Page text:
Saving the Classics

When I was young, my mother fed us homemade puddings every night. It was a real treat as we had everything from Victoria sponges to fruit crumbles and sago puddings.

Here, I've included a variety of puddings I pleasantly remember and adore. It's important we don't forget the classics - they are, after all, part of our heritage.


Photos: Simon Lambert
Photos: Simon Lambert
Queen of puddings

What a fitting way to start our tribute with the queen of puddings. Custard base, layered with jam and finished with meringue.

Serves 6


600ml full-fat milk
25g butter, plus extra for greasing the dish
1 lemon, zest finely grated
50g caster sugar
3 free-range eggs, yolks only
75g fresh white breadcrumbs

175g caster sugar
3 free-range eggs, whites only
100g raspberry or strawberry jam

To serve
Pouring cream (optional)

Heat the oven to 170degC and grease a 1.4-litre shallow ovenproof dish with butter (it will need to fit into a roasting tin).

For the base, very gently warm the milk in a small saucepan. Add the butter, lemon zest and the 50g of sugar, stir until dissolved.

Lightly whisk the egg yolks in a bowl. Slowly pour the warm milk into the eggs, while whisking.

Sprinkle the breadcrumbs over the base of the buttered dish and pour over the custard. Leave to stand for about 15 minutes, so the breadcrumbs absorb the liquid.

Carefully transfer the dish to a roasting tin and fill the tin halfway with hot water. Bake the custard in the heated oven for about 20-30 minutes until the custard has set. Remove from the oven and set aside to cool a little.

Warm the jam slightly so that it is spreadable. Carefully spread 4-5 tablespoons of the jam over the set custard, then pipe the meringue on top.

Whisk the egg whites using an electric whisk on full speed until stiff peaks form when the whisk is removed. Add the remaining 175g sugar a tablespoon at a time, still whisking on maximum speed until the mixture is stiff and shiny. Spoon the mixture on top of the jam carefully in small blobs until covered.

Lower the oven temperature to 150degC and return the pudding to the oven (not in the roasting tin with water) for about 20-25 minutes until the meringue is pale golden all over and crisp. Serve at once with pouring cream.


Egg custard tarts

These moreish little tarts are widely eaten in Britain and there are variations around the world. They never disappoint and make for the perfect finish to your day.

Makes 12 small muffin-sized tarts


For the sweet pastry *
165g plain flour, plus extra for dusting
25g ground almonds
120g chilled unsalted butter, cubed
55g caster sugar
1 free-range egg

Custard filling
700ml full-fat milk
7 free-range egg yolks
90g caster sugar
freshly ground nutmeg

To make the pastry, stir the flour and ground almonds together in a large bowl, then add the butter and rub in with your fingertips until the mixture resembles breadcrumbs. Stir in the sugar.

Break in the egg and work it into the mixture with your fingers, bringing it together to form a soft dough.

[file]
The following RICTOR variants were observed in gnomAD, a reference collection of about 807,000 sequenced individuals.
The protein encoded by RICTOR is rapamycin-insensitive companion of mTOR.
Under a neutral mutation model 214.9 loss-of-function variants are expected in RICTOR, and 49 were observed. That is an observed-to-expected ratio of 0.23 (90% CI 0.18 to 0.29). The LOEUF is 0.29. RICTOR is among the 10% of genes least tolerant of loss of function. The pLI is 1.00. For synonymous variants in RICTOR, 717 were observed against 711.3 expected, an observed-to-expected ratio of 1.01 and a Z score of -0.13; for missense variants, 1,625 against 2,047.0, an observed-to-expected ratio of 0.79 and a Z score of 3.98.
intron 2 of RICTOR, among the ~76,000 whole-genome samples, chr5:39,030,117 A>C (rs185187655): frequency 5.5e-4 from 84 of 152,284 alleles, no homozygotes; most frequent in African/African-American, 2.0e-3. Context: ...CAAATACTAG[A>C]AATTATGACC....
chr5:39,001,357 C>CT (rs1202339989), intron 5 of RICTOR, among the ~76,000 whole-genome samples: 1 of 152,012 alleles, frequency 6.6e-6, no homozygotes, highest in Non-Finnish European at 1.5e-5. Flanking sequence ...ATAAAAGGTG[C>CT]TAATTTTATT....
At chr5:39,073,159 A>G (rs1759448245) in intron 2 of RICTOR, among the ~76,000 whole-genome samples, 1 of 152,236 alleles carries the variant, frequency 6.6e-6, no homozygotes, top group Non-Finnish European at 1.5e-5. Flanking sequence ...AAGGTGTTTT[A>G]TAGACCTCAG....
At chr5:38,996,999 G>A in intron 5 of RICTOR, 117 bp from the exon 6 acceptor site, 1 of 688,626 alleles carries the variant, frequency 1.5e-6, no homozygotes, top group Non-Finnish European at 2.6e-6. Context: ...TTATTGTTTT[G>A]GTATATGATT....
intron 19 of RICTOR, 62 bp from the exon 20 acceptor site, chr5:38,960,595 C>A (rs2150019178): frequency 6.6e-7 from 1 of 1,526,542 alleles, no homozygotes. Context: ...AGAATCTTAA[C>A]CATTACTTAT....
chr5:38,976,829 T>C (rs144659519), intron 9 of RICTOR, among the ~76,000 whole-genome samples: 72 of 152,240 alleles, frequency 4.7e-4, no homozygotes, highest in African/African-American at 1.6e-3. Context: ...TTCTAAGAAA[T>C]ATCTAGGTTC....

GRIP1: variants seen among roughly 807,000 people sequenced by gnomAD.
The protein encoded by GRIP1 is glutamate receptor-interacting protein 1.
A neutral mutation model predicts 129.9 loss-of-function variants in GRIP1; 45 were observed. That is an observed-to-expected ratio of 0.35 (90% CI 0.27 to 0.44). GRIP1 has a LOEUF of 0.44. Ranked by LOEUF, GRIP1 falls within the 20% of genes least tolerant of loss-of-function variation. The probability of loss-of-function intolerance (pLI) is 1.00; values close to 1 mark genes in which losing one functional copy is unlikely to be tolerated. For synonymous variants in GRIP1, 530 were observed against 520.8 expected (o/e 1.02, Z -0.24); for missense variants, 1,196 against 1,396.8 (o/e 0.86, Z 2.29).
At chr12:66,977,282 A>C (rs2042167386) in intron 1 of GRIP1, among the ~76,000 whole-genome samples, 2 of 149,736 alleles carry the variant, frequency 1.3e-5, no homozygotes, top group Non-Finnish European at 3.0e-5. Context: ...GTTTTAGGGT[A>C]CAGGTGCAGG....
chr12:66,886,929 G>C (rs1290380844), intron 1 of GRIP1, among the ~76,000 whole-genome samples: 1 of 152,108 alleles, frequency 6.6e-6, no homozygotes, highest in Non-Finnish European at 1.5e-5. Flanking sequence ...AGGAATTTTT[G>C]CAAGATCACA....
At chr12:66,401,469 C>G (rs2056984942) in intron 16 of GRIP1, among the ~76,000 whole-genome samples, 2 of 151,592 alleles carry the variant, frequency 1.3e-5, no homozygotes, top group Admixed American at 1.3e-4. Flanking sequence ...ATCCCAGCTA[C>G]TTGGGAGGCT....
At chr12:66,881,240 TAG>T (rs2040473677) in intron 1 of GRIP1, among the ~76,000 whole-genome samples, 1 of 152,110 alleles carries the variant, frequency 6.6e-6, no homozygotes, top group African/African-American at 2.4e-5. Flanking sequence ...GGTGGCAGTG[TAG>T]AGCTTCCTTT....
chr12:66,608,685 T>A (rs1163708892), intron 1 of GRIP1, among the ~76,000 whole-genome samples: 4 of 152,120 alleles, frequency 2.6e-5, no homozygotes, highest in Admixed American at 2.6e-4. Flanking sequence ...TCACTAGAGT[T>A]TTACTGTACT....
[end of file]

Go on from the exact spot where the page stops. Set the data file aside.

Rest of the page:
Tip the dough on to a lightly floured work surface and shape it into a ball. Flatten with your fingers to a disc and wrap in cling film. Leave to chill in the fridge for 30 minutes.

Heat the oven to 190degC.

Roll out the sweet pastry on a lightly floured work surface.

Using an 11cm fluted cutter, cut out 12 discs and line the muffin tray moulds with the pastry circle. The pastry should overlap the top of the moulds by a few millimetres, so that you can crimp the edges if you wish.

Custard filling
Warm the milk in a saucepan, and beat the egg yolks and sugar together in a separate bowl until pale and creamy.

Pour the milk on to the egg yolk mixture and stir well, creating little bubbles.

Transfer the custard mixture into a pouring jug with a lip, then fill each of the tart cases.

Sprinkle a small pinch of ground nutmeg into the middle of each tart.

Bake the tarts in the oven for about 20 minutes - you may need to turn the temperature down to 180degC for the final 10 minutes.

You are looking for a very slight dome on the custard, indicating that it is baked. If the custard domes too much you have over-cooked the custard, it will have boiled, and will sink back down leaving a big dip. If this does happen, chill instantly in the fridge.

Cool in the tin for 30 minutes and then carefully remove from the moulds. The base of the tarts should be perfectly baked through, without having over-cooked the custard filling.

* You can buy pre-made sweet pastry.


Baked apples

I have chosen baked apples to finish with as they are always in plentiful supply and relatively inexpensive. By adding berries, nuts and raisins, these plump apples make for a glorious dessert which I'm sure will bring back many memories.

Serves 6

6 apples, washed
150g blackberries, washed
30g butter
2 tsp brown sugar
30g ground almonds
40g raisins

Core the apples. Use a knife to score lightly around the centre of the apple (horizontally), just piercing the skin.

Heat the oven to 150degC.

Using your hands, mix the butter, brown sugar, ground almonds and raisins in a bowl.

Fill each apple to halfway with the almond mixture, then add a couple of blackberries in the centre as well.

Bake the stuffed apples in the oven until soft - about 20-30 minutes. Watch them as you do not want them to overcook them or they will burst and collapse.

Serve warm with vanilla ice cream or pouring cream.


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